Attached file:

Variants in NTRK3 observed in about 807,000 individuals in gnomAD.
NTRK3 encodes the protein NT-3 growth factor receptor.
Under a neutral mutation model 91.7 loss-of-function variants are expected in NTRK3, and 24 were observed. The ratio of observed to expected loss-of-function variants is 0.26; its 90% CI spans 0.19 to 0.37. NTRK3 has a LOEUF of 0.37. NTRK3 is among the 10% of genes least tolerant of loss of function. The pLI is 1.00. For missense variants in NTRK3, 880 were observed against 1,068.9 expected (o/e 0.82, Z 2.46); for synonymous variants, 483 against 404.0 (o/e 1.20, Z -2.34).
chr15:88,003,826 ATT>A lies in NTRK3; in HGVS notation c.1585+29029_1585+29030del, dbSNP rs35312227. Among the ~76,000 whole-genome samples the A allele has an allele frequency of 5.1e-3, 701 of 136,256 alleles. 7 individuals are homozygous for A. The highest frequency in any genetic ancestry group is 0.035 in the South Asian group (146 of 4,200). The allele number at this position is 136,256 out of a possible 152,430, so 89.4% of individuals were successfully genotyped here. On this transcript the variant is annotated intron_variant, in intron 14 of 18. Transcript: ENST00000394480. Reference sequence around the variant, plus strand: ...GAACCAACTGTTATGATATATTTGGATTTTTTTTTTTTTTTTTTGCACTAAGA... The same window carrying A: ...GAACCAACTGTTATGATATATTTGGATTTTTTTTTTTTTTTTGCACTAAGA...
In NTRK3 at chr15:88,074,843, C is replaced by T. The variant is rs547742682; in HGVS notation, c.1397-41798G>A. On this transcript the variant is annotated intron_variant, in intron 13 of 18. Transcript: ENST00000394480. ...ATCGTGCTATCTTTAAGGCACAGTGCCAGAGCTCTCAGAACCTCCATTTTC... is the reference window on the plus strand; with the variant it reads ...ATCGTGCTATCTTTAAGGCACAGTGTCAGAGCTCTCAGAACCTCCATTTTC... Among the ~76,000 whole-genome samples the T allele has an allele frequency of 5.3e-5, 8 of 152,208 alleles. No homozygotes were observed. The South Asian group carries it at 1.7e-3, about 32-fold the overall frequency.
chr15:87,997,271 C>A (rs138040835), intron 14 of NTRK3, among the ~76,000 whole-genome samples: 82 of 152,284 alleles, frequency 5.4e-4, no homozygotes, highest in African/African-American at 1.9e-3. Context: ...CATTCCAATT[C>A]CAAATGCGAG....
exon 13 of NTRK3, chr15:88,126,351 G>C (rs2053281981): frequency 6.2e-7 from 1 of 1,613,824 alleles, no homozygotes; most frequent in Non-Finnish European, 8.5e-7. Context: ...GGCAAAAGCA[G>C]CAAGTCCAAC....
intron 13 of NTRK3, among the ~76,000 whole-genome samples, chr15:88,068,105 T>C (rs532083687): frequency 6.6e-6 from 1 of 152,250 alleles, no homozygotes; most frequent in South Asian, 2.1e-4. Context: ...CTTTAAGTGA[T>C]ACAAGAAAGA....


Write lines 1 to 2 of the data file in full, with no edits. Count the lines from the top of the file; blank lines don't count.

Variants in NTRK3 observed in about 807,000 individuals in gnomAD.
NTRK3 encodes the protein NT-3 growth factor receptor.